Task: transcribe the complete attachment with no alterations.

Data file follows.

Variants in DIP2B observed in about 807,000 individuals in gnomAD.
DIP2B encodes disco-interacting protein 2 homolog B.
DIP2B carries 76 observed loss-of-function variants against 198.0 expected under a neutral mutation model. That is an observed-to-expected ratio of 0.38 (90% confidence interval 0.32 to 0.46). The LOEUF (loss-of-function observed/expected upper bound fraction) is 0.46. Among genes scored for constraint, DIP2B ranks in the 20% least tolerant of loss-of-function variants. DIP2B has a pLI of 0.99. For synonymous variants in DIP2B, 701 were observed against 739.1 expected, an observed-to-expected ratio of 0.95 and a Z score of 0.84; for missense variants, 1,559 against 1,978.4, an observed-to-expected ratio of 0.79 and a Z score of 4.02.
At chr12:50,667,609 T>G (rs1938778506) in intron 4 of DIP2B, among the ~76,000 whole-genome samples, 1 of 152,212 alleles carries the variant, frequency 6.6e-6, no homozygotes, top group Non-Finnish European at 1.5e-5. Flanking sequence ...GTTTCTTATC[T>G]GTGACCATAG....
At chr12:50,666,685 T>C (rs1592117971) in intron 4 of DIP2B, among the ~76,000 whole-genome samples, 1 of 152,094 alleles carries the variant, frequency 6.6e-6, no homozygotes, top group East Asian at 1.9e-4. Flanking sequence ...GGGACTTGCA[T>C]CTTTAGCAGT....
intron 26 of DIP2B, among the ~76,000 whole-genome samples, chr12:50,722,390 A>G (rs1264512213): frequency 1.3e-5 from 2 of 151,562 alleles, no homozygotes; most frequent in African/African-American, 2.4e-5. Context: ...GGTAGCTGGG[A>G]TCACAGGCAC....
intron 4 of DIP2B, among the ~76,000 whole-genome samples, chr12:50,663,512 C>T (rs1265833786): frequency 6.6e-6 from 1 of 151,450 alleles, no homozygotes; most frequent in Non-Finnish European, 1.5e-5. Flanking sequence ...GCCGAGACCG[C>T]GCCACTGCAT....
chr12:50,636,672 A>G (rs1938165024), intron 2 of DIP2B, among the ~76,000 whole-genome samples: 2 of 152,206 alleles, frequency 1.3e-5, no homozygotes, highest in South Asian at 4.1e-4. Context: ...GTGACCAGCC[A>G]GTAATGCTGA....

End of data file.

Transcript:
Variants in DIP2B observed in about 807,000 individuals in gnomAD.
DIP2B encodes disco-interacting protein 2 homolog B.
DIP2B carries 76 observed loss-of-function variants against 198.0 expected under a neutral mutation model. That is an observed-to-expected ratio of 0.38 (90% confidence interval 0.32 to 0.46). The LOEUF (loss-of-function observed/expected upper bound fraction) is 0.46. Among genes scored for constraint, DIP2B ranks in the 20% least tolerant of loss-of-function variants. DIP2B has a pLI of 0.99. For synonymous variants in DIP2B, 701 were observed against 739.1 expected, an observed-to-expected ratio of 0.95 and a Z score of 0.84; for missense variants, 1,559 against 1,978.4, an observed-to-expected ratio of 0.79 and a Z score of 4.02.
At chr12:50,667,609 T>G (rs1938778506) in intron 4 of DIP2B, among the ~76,000 whole-genome samples, 1 of 152,212 alleles carries the variant, frequency 6.6e-6, no homozygotes, top group Non-Finnish European at 1.5e-5. Flanking sequence ...GTTTCTTATC[T>G]GTGACCATAG....
At chr12:50,666,685 T>C (rs1592117971) in intron 4 of DIP2B, among the ~76,000 whole-genome samples, 1 of 152,094 alleles carries the variant, frequency 6.6e-6, no homozygotes, top group East Asian at 1.9e-4. Flanking sequence ...GGGACTTGCA[T>C]CTTTAGCAGT....
intron 26 of DIP2B, among the ~76,000 whole-genome samples, chr12:50,722,390 A>G (rs1264512213): frequency 1.3e-5 from 2 of 151,562 alleles, no homozygotes; most frequent in African/African-American, 2.4e-5. Context: ...GGTAGCTGGG[A>G]TCACAGGCAC....
intron 4 of DIP2B, among the ~76,000 whole-genome samples, chr12:50,663,512 C>T (rs1265833786): frequency 6.6e-6 from 1 of 151,450 alleles, no homozygotes; most frequent in Non-Finnish European, 1.5e-5. Flanking sequence ...GCCGAGACCG[C>T]GCCACTGCAT....
chr12:50,636,672 A>G (rs1938165024), intron 2 of DIP2B, among the ~76,000 whole-genome samples: 2 of 152,206 alleles, frequency 1.3e-5, no homozygotes, highest in South Asian at 4.1e-4. Context: ...GTGACCAGCC[A>G]GTAATGCTGA....